October 1, 2019 / 12:02 AM / 18 days ago

Australian home prices rise most in 2-1/2 years; Sydney, Melbourne lead

SYDNEY, Oct 1 (Reuters) - Australian home prices enjoyed their biggest monthly jump in 2-1/2-years in September with the dominant markets of Sydney and Melbourne bouncing strongly, aided by record low interest rates and looser lending rules.

Tuesday’s data from property consultant CoreLogic showed home prices across the capital cities rose 1.1% in September, while values for the nation as a whole gained 0.9%, the biggest jump since March 2017.

The price revival will help end two years of continuous declines which ate away household wealth and confidence in a blow to consumption and the broader economy.

It could also prove a blessing for the construction sector which has seen a severe downturn in new home approvals, particularly for the once red-hot apartment sector.

The Sydney and Melbourne markets each saw price jumps of 1.7%, more reminiscent of the bubble days of 2016.

On a year-on-year basis, Sydney prices were still down 4.8%and Melbourne down 3.9%, but that was a major improvement from the double-digit annual declines clocked earlier this year.

“Although housing values are now consistently tracking higher, at least at a macro level, the national index remains 6.8% below the October 2017 peak, indicating that buyers still have some time to take advantage of improved housing affordability,” CoreLogic research director Tim Lawless said.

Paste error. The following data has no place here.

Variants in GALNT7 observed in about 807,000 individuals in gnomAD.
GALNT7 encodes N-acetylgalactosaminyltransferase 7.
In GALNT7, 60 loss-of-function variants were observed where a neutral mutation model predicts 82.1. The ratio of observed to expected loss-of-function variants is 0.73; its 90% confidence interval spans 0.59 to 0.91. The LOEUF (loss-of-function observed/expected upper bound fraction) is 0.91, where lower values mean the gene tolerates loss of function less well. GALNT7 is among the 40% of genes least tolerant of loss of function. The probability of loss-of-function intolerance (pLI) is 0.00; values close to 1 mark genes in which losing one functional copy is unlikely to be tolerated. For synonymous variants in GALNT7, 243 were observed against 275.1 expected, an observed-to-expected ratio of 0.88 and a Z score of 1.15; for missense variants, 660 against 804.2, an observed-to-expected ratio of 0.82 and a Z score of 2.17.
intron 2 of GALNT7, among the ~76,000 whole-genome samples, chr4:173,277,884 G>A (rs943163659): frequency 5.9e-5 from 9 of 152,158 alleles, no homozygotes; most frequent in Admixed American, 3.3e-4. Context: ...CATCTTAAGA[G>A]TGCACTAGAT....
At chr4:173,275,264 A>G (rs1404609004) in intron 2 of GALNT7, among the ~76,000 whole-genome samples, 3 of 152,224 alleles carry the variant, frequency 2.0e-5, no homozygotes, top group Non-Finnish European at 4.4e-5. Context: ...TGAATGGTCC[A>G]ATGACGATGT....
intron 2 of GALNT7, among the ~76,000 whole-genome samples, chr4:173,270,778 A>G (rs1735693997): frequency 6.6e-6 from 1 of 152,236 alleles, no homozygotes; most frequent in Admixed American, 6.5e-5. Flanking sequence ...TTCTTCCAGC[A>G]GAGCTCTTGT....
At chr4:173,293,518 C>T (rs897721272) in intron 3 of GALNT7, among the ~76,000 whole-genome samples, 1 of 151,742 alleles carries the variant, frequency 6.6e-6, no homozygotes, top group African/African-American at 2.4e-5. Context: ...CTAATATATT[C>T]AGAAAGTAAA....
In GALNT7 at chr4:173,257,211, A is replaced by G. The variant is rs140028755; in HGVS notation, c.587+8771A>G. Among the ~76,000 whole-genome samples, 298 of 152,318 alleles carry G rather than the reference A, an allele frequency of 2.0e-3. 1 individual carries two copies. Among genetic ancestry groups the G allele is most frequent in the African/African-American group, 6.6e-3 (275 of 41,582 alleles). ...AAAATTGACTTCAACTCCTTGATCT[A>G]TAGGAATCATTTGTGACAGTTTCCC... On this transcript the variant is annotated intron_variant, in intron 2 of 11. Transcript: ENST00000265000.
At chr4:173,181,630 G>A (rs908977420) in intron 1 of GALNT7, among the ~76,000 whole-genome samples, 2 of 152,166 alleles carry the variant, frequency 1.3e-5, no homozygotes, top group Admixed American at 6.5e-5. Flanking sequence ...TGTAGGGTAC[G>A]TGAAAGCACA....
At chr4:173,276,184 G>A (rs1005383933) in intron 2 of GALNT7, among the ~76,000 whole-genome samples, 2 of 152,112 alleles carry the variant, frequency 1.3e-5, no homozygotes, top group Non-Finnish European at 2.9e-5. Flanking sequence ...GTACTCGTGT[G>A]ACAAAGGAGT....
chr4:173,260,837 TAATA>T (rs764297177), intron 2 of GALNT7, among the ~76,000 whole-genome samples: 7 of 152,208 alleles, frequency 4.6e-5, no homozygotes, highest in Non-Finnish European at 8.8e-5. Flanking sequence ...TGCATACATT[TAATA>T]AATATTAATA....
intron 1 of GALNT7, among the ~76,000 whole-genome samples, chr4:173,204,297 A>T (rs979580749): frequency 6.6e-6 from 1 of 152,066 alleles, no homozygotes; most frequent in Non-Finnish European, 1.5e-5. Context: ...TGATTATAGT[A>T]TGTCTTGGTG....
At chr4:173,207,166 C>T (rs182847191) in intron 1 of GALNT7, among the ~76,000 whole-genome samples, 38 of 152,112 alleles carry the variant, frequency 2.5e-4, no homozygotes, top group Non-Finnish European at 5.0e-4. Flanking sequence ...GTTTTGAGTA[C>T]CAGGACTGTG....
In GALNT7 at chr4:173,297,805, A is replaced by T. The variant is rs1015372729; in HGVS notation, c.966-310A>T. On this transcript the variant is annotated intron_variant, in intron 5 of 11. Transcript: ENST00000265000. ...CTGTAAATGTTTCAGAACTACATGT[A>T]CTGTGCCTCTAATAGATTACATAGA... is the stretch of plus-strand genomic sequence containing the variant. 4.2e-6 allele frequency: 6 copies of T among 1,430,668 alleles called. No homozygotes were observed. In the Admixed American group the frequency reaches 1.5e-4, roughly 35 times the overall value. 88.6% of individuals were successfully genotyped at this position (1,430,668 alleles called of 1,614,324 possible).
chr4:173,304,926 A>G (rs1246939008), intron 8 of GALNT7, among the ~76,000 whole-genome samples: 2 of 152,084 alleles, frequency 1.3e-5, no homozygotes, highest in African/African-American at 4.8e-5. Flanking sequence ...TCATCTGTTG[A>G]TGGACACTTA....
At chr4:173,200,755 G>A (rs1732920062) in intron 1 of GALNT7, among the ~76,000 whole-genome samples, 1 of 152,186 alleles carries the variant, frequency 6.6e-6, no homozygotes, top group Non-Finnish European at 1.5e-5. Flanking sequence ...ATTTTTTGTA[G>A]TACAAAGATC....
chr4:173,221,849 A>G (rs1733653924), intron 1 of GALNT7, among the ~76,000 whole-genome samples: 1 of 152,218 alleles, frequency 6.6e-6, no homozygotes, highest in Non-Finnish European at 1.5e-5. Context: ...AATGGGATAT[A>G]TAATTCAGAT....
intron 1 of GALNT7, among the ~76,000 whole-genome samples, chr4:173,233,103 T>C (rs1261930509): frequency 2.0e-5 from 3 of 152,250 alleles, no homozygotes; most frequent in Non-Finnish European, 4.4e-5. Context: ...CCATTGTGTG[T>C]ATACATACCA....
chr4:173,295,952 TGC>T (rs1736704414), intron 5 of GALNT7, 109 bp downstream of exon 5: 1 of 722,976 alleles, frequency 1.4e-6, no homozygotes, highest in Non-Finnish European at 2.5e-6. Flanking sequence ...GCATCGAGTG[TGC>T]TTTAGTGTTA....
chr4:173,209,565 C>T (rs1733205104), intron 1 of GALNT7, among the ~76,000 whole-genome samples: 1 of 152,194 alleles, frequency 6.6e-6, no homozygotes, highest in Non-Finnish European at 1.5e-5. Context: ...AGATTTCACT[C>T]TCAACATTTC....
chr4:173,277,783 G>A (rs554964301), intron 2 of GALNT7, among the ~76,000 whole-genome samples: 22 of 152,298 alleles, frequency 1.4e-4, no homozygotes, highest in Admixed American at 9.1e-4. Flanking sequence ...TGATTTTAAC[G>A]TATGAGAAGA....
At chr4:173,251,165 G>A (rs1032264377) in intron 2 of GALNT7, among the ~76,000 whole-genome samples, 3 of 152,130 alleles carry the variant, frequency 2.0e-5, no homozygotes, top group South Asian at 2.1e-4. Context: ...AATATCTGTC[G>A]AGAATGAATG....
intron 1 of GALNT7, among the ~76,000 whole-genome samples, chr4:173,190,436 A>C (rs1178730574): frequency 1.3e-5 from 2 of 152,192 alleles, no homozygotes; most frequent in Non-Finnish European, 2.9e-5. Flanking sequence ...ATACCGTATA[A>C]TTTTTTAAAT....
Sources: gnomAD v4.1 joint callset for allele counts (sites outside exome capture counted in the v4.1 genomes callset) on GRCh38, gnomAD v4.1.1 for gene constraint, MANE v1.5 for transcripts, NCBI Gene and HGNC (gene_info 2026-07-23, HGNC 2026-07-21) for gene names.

The Reserve Bank of Australia (RBA) cut interest rates in both June and July to an all-time low of 1% and is seen likely to ease policy again for the third time this year when the board meets later in the day.

While a revival in the housing market could help lift consumption in Australia’s A$1.95 trillion ($1.3 trillion)economy, any frothiness would pose a policy challenge for both the RBA and the country’s banking regulator.

The recent uptrend has led economists at RBC to raise their forecasts for Australia’s house prices to an annualised rate of 6-8% growth in the coming quarters, up from 4%.

However RBC’s Su-lin Ong said she doesn’t expect the gains to be sustained, citing still modest property listings and turnover as well as rising unemployment, among other factors.

“Indeed, the more challenging scenario for the RBA in 2020 would be the persistence of sub-trend growth, sub-target inflation and a weaker labour market while house prices stay well above nominal (output) growth and the cash rate reaches the lower bound,” Ong said.

The revival in housing prices has also sparked a debate on affordability. A CoreLogic survey on Friday showed the proportion of Australians who think they will be at least 30 years old before leaving their parents’ home has rocketed to 34% from 20% in 2017. (Reporting by Swati Pandey; Editing by Shri Navaratnam)

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